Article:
Do you have a dribble account, share all your work to social networks or constantly ask for critiques of your work from other designers? Non of those things are bad in and of themselves. They could however be symptoms of a much bigger problem. Designing for the wrong audience. We all want to do work we are proud of. Earning praise from other designers, who might offer a more educated opinion, can be especially affirming. However, if you let that
One of the most common pieces of advice I see freelancers offering other freelancers is “get referrals.” That’s because it is one of the best pieces of advice there is. Referrals are one of the best ways to get new clients. They are a chance at new business, with a warm introduction. Referrals are as good as gold. They can also be very uncomfortable to ask for. Maybe you have clients with friends that you’re dying to work for, but you know
Are you one of those designers who uses a web portfolio to show off their work and find new clients? You’re in good company because most designers do the same. And most designers also rely on an analytical tool (like Google Analytics) to tweak their site and find more customers. Sound like you too? But many designers get frustrated and spin their wheels making tiny upgrades to their design portfolio in hopes of higher conversions and more clients with no
In a perfect world, clients would have ample room in their budgets for design work and would happily pay you immediately upon project completion. But who knows if they even have designers in Heaven, so let’s focus on life here on Earth: most clients, especially the start-ups and the entrepreneurs and the small businesses, fit design into their budget begrudgingly. Simply put, the average client wants more work done than they can afford (or believe they can afford). And since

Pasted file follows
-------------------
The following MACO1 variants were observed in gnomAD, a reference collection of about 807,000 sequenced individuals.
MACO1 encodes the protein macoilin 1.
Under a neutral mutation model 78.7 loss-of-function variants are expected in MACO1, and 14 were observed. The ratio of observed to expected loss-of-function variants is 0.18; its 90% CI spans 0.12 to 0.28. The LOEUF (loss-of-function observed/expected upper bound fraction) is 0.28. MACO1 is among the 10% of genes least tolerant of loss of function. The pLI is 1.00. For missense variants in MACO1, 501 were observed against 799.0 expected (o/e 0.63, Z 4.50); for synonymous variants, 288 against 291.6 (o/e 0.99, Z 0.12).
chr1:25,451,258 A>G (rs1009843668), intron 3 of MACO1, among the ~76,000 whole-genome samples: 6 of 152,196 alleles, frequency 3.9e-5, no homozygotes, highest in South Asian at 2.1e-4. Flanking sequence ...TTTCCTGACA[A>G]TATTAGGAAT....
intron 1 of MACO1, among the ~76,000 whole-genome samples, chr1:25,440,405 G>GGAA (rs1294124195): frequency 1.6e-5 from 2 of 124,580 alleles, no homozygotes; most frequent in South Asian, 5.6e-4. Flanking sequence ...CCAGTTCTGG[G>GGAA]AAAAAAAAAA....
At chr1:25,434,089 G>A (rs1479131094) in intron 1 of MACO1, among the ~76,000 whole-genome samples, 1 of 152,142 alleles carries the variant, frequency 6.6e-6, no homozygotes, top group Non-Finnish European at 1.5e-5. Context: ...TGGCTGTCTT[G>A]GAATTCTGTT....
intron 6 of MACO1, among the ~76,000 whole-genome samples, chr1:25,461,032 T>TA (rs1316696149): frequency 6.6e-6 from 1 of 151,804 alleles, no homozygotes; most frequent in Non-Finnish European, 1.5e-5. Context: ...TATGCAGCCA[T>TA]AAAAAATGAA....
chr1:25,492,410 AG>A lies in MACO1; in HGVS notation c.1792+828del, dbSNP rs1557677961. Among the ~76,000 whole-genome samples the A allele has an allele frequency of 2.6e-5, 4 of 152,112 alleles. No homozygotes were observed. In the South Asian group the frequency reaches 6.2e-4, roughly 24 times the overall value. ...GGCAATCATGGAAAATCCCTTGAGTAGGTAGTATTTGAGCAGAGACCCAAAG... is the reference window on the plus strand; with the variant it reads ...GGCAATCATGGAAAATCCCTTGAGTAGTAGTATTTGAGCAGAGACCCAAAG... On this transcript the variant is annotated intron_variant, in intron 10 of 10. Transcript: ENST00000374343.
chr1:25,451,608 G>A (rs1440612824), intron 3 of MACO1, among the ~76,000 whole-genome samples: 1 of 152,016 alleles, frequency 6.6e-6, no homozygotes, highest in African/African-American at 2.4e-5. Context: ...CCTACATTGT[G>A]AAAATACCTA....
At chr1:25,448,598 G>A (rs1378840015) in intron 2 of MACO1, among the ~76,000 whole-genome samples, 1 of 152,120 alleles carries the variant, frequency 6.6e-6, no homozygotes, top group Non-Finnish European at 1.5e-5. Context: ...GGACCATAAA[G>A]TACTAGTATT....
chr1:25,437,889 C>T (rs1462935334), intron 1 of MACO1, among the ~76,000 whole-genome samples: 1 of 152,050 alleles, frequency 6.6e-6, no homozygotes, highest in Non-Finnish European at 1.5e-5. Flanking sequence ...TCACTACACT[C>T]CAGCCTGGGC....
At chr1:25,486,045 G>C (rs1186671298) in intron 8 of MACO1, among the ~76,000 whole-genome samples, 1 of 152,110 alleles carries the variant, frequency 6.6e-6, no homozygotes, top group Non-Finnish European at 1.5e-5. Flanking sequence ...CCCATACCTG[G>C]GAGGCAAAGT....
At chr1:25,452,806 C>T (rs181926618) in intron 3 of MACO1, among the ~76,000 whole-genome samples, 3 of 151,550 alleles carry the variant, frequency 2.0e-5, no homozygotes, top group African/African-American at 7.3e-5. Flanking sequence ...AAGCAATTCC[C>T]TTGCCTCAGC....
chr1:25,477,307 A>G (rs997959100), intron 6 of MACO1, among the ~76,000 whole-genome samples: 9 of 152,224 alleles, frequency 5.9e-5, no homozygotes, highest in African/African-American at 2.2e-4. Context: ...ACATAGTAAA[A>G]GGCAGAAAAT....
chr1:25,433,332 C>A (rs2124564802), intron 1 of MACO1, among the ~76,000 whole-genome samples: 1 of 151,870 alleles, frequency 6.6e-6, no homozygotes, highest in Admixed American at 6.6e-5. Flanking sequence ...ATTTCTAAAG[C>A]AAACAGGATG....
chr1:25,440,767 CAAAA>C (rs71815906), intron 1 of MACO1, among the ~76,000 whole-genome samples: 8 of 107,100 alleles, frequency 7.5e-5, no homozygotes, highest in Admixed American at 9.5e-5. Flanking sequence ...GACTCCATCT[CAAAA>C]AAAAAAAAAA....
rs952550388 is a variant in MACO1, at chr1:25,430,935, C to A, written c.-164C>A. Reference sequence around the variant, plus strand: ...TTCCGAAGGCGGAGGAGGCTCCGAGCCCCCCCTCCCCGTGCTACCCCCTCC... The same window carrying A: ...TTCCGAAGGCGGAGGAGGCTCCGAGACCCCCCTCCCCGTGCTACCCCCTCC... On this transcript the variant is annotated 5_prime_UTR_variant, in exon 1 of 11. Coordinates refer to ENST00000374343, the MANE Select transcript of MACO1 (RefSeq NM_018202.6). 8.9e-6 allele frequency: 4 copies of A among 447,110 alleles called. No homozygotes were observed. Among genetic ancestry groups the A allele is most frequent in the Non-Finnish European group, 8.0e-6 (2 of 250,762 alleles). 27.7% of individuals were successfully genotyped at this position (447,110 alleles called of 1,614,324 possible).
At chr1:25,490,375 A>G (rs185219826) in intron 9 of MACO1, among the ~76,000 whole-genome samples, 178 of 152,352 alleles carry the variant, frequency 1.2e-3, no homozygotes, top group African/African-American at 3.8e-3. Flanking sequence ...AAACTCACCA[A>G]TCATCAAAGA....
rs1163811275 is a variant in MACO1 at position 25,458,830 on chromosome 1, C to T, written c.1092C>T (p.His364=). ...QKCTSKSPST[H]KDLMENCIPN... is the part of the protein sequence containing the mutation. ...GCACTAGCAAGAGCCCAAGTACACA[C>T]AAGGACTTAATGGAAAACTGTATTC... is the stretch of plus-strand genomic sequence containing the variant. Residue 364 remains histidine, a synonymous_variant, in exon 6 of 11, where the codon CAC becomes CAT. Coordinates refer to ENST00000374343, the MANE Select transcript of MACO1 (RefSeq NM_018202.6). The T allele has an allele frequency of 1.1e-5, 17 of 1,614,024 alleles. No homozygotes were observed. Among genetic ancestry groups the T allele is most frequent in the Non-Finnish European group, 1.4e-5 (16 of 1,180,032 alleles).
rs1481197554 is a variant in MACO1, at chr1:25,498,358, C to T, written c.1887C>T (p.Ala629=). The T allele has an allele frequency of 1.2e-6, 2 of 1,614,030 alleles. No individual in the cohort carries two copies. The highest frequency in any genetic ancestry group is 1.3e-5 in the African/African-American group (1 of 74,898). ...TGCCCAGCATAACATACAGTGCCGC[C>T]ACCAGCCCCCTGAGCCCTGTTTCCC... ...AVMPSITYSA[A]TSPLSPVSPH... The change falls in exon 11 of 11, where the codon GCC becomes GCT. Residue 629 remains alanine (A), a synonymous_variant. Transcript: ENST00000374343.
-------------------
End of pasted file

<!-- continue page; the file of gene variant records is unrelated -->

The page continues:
in Client Advice
Regardless of how great you are at building great business relationships, nearly every designer finds themselves (eventually) at odds with at least one client. You know what I’m talking about. The client is pretty picky, always asking for revisions or never seems to have a project that not “a rush.” The deadline is always “ASAP” and they’re always trying to get a better deal, work the discount, or get you to throw in some extra work for no extra pay.
in Client Advice
Last January, our website development team was struggling for a way to break out of our old market and into a new, more profitable niche. How we did it could work for your business too. Let me explain: Whether your development team is a one-man band or a full orchestra, your goal is probably to grow. Growing leads to more connections, more resources, and most importantly more profit; but when you’ve hit a dead-end with marketing, where do you go?
Here at GDB we talk a lot about how to convince your design clients to hire you again (and again and again and again). We’ve talked about upselling your next design project and when the right time is to ask for referrals. But what if you didn’t have to do any convincing? What if your clients called you “their favorite call of the week?” You might say you’ve died and gone to freelancer heaven. All right here on Earth. And guess
in Client Advice
Have you ever had a client ask you to do something outside of your realm of expertise? Maybe they want some extensive customization to their WordPress theme. Or a fillable PDF form that calculates based on user input. Or some major Photoshopping on a particular image. Whatever it is, you know you’re going to have to improve your skill set to complete the project. And that’s going to take more than just an extra hour of time. But you’re feeling